Monday, November 11, 2013

Putting your Software Development Lifecycle on a diet

I was re-reading Mary Poppendieck's Lean Programming Essay and I thought I would take the opportunity while it was fresh in my mind to walk through a few points that really stuck out to me that are commonly misunderstood. I've often seen developers that want to write LEAN software struggle when trying to apply OOP principles like abstraction.

Lean Rule #3: Maximize Flow (Drive Down Development Time)
The basic premise of iterative development is that small but complete portions of a system are designed and delivered throughout the development cycle, with each iteration adding an additional set of features.

In LEAN abstractions aren't bad.  But they're a by product of building small complete portions of a system.  In one iteration you build a complete feature. At this point in the process the YAGNI principle (You Aren't Going To Need It) is applied to any abstractions. There isn't a business case which says that a feature is incomplete without the abstraction. At some later date (either right after the first iteration or some other point) in another iteration you build a feature that, either in design, analysis, or some other point, brings to light that an abstraction is necessary in order to apply the DRY (Don't Repeat Yourself) and YAGNI principles. In order to build the "complete" second feature it  becomes a requirement to refactor and add the abstraction layer. At this point you only add things to the abstraction which are 100% used and required by the first and second iteration features. Adding any additional functionality or abstraction would be a violation of YAGNI. The key principle from LEAN, refactoring, becomes the driving force for the abstraction during the second iteration.

Lean Rule #4:Pull from Demand (Decide as Late as Possible)
Software systems should be designed to respond to change, not predict it.

In the context of abstractions, building an abstraction before you have at least two uses is an attempt to predict change. When you only have one required use case for something you don't have enough information to make a decision about how the second, third, fourth, or Nth use case will use the abstraction. In my experience I would actually argue that you don't really have enough information to abstract until you have a third case, but definitely not before you have a second.

Any abstraction that's built not as a direct result of refactoring would either be built to guide use of the functionality or feature (which goes against the LEAN principle of allowing requirements to change) or to anticipate future use. Anticipating future use is tantamount to trying to predict change which also makes it so that you're putting a limit on how the requirements can change. The ability to constantly change requirements is something that LEAN values tremendously.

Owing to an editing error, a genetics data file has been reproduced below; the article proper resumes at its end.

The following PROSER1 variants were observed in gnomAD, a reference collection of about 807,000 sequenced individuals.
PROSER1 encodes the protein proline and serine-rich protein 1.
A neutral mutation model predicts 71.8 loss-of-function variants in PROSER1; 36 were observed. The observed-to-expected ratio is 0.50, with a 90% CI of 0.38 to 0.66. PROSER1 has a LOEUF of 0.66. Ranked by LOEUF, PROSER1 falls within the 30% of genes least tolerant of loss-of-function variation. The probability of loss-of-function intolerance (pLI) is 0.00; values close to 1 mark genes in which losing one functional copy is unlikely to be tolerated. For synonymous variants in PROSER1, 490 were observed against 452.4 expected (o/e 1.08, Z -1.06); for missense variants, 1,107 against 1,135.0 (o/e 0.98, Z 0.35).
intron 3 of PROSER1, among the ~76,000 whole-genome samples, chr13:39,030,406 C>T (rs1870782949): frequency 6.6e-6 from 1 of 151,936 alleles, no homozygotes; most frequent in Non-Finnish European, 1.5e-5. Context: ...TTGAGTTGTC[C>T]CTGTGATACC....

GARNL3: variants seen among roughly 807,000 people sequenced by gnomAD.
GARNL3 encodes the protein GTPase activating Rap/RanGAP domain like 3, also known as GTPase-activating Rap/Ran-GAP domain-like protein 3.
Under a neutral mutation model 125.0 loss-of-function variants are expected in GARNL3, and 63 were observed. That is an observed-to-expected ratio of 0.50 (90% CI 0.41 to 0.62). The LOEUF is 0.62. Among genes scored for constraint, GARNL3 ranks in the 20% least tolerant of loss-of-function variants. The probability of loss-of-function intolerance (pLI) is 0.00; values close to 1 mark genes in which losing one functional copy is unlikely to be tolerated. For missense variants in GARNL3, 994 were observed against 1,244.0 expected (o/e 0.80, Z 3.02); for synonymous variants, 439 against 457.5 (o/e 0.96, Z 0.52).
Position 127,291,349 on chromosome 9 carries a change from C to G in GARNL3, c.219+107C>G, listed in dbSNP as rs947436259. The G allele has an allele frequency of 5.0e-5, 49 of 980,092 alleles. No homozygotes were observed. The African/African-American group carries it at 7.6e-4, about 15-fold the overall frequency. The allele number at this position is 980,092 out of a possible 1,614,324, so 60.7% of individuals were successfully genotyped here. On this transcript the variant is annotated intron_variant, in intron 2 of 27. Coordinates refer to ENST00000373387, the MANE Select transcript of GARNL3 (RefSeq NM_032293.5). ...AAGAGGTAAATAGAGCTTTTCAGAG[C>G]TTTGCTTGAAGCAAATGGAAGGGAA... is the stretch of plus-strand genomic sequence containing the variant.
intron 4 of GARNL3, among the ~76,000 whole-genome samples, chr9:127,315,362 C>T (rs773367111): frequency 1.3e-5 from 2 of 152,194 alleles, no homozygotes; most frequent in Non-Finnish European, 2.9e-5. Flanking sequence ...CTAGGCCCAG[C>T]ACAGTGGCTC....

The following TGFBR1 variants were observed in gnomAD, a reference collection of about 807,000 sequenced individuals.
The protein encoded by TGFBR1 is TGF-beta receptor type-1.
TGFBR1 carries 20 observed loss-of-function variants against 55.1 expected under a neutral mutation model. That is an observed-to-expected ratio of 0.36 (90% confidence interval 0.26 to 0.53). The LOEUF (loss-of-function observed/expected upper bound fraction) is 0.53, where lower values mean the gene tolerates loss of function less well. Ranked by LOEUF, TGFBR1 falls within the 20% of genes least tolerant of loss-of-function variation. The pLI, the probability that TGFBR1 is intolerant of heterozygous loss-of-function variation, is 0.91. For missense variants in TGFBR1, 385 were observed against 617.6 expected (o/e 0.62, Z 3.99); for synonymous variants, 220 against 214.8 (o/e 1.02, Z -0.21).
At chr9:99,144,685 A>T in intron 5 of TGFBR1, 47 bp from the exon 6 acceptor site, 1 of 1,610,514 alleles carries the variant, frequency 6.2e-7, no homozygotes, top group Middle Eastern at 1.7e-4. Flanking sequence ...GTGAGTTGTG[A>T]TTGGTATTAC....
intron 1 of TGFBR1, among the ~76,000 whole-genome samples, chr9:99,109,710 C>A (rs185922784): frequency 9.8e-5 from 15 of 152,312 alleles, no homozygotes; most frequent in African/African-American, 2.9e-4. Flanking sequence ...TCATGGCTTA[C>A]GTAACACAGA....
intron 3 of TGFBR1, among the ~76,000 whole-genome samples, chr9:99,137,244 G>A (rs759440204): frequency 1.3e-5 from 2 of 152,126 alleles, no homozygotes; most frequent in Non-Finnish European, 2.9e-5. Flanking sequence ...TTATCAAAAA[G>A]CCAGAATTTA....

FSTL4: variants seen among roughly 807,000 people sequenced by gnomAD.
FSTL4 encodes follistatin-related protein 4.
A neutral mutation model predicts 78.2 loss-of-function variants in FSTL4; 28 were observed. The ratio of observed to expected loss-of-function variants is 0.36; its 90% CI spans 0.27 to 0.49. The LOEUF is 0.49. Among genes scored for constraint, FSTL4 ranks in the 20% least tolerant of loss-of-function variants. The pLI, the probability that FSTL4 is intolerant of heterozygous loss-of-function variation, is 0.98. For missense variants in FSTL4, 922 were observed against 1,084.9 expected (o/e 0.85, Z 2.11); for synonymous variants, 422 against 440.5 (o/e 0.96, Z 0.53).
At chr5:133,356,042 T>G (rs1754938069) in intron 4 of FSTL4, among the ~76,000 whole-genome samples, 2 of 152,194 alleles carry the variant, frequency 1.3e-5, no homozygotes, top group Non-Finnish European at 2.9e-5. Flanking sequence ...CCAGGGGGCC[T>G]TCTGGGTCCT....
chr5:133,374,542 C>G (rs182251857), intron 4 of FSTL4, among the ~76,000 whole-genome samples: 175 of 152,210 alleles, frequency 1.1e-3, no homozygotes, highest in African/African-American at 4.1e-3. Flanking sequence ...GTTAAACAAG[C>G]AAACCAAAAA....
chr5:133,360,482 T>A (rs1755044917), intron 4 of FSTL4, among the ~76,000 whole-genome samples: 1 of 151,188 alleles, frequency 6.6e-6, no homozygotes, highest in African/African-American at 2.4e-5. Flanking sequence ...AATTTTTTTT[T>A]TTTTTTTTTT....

Lean Rule #8: Abolish Local Optimization (Sub-Optimized Measurements are the Enemy) “Do it Right” requires that we provide for change.

Lean Programming employs two key techniques that make change easy. Just as Lean Manufacturing builds tests into process so as to detect when the process is broken, Lean Programming builds tests into the development process in order to ensure that when changes don’t inadvertently break the code. In fact, the best approach is to write the tests first, and then write the code. An excellent unit and regression testing capability is the best way to encourage change late in the development process.

The second technique for allowing change to happen late in development is refactoring, or improving the design of existing software in a controlled and rapid manner. When refactoring is an accepted practice, early designs can focus on the issue at hand rather than speculate as to what additional design elements will be needed. As the additional features are actually added, refactoring provides a new, simplified design to handle the new reality. When refactoring is a part of the process, we reduce speculation as to what will be needed in the future by making it easy to accommodate the future if and when it becomes the present.

This last rule really ties #3 and #4 together.  If we have tests for the functionality and regression then we have the ability to change the system at will (including the need to add abstractions) while only having to refactor the tests for the functionality that's changing (adding abstraction is a change).  It allows you to be explicit about the change and the need for the change. If you use TDD then you're ensured that not only does your functionality after the refactor work as expected, but you've also guaranteed that the system is interacted with as expected. The second technique mentioned is really key to the guidance on when/how to add abstractions. The sentence "As the additional features are actually added, refactoring provides a new, simplified design to handle the new reality." really becomes key.

Hopefully this helps you feel good about pushing off adding an abstraction into your system until after you actually have a need for that abstraction. Doing so will allow you to write software that is more adaptable to change.

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